Reduced rate of stamp duty and divorce: use it or lose it

Property price valuations are a major consideration in any divorce or cohabitee financial settlement. So, how will the Chancellor’s announcement of a reduced rate in stamp duty until March 2021 affect those looking to divorce or separating from a partner in 2020?

In most cases, needs is the main priority. Meeting the children’s and both parties’ needs with one pot of money is the ultimate objective of any financial settlement. When you divorce, the income and assets that supported one single household will now have to support two separate ones. So, if there is any additional money available, then that is to the benefit of both parties!

What’s more, the reduction in stamp duty should make your former matrimonial home or jointly owned property much more sellable. It will also help when repurchasing another home too.


What is Stamp Duty?

Stamp Duty Land Tax (SDLT) is paid when you buy your main residence and any other residential properties, including second homes.

Thanks to the Chancellor’s announcement, there is no Stamp Duty due on your primary residence if it is sold for up to £500,000. You only have to pay Stamp Duty on the portion of the price paid above £500,000. As The Guardian points out:

“The saving could allow people to move more quickly than planned – instead of needing the money for tax they can now channel it towards their deposit.”

This is good news for anyone buying their first home or looking for a new family home after divorce, as it makes it cheaper to do so.


Your family home and divorce: four main options

When you divorce, you have four main options concerning the family home:

  • Both of you move out, you sell the home, and find new homes each
  • One of you can buy the other out
  • You postpone the sale of your family home
  • Arrange a charge back, where the legal ownership of your home changes but the person has a charge registered against the property for an agreed percentage interest against net or gross value


Stamp Duty and the property market

The government clearly hopes this reduced rate will help stimulate the housing market. If you are considering selling your primary residence and splitting the proceeds as part of your divorce financial settlement, the reduced rate should mean you have more potential buyers for your property.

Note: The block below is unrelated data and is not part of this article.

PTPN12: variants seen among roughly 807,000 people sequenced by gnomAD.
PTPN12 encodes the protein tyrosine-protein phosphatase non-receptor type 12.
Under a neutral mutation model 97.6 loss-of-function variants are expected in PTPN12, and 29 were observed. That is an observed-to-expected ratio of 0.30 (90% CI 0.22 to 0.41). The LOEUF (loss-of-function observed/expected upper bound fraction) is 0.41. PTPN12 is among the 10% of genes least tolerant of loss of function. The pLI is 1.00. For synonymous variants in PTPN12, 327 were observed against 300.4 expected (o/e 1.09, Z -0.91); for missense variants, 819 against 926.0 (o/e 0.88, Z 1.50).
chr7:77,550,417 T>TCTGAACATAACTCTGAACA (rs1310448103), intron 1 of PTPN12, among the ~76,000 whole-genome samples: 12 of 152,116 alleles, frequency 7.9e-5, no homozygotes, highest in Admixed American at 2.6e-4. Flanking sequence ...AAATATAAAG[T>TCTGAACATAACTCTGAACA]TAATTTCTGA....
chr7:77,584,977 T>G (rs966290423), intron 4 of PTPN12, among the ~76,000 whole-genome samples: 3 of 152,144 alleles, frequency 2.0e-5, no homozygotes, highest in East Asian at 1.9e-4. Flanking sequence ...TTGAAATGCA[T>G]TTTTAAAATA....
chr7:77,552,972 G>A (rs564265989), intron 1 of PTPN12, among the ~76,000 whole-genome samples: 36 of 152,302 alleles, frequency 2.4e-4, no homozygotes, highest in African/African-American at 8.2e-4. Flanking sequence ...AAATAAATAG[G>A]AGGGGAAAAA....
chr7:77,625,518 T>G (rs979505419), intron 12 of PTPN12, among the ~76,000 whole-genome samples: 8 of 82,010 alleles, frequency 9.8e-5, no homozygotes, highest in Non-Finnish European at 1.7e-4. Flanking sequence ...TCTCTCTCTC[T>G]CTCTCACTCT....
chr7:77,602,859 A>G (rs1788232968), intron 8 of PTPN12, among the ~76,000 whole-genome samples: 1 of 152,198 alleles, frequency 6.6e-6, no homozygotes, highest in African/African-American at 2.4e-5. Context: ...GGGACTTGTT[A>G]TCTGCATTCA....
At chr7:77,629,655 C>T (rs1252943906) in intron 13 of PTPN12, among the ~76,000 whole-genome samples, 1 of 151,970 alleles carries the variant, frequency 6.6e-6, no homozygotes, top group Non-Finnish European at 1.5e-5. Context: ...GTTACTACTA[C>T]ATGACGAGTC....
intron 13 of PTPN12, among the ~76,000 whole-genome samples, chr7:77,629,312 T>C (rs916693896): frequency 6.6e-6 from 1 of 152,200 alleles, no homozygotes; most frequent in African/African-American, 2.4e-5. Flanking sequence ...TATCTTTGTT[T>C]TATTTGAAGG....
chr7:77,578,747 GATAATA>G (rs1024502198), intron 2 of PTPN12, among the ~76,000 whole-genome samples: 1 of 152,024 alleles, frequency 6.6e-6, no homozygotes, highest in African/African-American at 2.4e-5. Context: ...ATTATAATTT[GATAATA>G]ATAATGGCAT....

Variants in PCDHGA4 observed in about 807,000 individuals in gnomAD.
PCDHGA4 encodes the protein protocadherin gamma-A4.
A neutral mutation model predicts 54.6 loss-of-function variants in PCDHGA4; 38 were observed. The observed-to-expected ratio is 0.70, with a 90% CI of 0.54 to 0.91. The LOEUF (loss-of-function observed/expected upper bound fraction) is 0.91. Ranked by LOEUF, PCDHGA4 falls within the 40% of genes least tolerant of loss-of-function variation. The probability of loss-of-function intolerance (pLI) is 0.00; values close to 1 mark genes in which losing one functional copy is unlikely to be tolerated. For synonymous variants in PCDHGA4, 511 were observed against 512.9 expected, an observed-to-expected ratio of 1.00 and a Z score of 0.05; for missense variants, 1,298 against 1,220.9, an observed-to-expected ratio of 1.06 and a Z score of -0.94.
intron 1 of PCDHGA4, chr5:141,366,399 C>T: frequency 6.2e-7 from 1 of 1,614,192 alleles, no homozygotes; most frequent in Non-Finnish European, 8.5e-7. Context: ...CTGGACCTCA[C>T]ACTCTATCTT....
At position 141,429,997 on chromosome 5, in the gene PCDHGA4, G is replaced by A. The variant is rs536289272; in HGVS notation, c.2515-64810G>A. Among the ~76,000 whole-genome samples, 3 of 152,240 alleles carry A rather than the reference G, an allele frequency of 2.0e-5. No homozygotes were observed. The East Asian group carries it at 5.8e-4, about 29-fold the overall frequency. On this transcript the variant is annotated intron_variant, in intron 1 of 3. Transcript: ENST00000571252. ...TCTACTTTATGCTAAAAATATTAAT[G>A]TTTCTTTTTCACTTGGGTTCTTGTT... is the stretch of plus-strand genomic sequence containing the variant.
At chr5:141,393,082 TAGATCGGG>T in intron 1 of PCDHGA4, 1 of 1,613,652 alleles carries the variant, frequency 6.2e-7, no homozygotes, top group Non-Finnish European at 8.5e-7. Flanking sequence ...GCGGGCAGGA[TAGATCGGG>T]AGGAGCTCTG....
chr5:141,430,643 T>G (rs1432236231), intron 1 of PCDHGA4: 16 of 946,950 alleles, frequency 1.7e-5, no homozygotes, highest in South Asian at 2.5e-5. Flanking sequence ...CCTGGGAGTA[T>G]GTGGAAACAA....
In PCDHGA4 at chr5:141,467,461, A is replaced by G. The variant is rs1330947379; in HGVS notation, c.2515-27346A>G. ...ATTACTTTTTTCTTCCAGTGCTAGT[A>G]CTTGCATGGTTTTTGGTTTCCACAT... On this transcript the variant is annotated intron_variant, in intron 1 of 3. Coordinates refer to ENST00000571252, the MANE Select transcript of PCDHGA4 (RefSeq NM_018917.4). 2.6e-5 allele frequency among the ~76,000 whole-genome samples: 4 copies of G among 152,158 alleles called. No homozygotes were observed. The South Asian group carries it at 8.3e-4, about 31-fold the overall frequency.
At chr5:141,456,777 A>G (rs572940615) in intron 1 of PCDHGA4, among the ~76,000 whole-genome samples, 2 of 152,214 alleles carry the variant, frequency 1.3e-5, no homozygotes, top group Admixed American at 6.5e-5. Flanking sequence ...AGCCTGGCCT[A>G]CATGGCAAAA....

Jamie Ward, head of stamp taxes at PwC, sees several more benefits:

“Buyers not paying a percentage of the property’s value to the government as stamp duty may have larger deposits and a better chance of securing a mortgage. Buyers may perceive they’re getting a better deal even if paying the same total amount. Also, the seller potentially benefits from receiving a higher amount from the buyer, and this may encourage more sellers to the market.”


Stamp Duty and two houses

There is a sting in the tail for anyone selling their former main residence, who then buys a new home before their old one is sold. If you are in a position where you own two properties at once, you will have to pay the higher rate of Stamp Duty on your new purchase, as it is in effect a ‘second home’.

If you sell your previous main residence within 3 years, you can claim a refund of the higher rate element of your Stamp Duty bill. However, as Stamp Duty must be paid within 14 days of purchasing your new main residence, this could leave you out of pocket for a while.

Call us to book a consultation to discuss your current situation and your aims for divorce.


Stamp Duty: sell now or wait?

The change in Stamp Duty rate and the 31st March 2021 deadline should not be a reason in itself to rush to sell your family home. If your divorce settlement can’t be agreed on and it goes to court, the courts will always prioritise the needs of the children involved. This includes a requirement for somewhere suitable for the children to live with (ideally) each parent.


Talk to us early on

The decision to divorce is never easy, and once you do decide, there are so many factors that need to be considered. So the best advice we can give for those looking for divorce is, seek professional legal advice right at the start.

At LGFL, we offer a 1-hour initial online consultation with 30 minutes free included. An hour spent talking through your situation to a family lawyer such as ourselves can save you so much time, expense and stress as you’ll understand your options better and make more informed choices moving forward.

And, of course, the earlier you talk to us, the more likely it is that you can take advantage of the reduced rate of Stamp Duty if required, before it expires on 31 March 2021.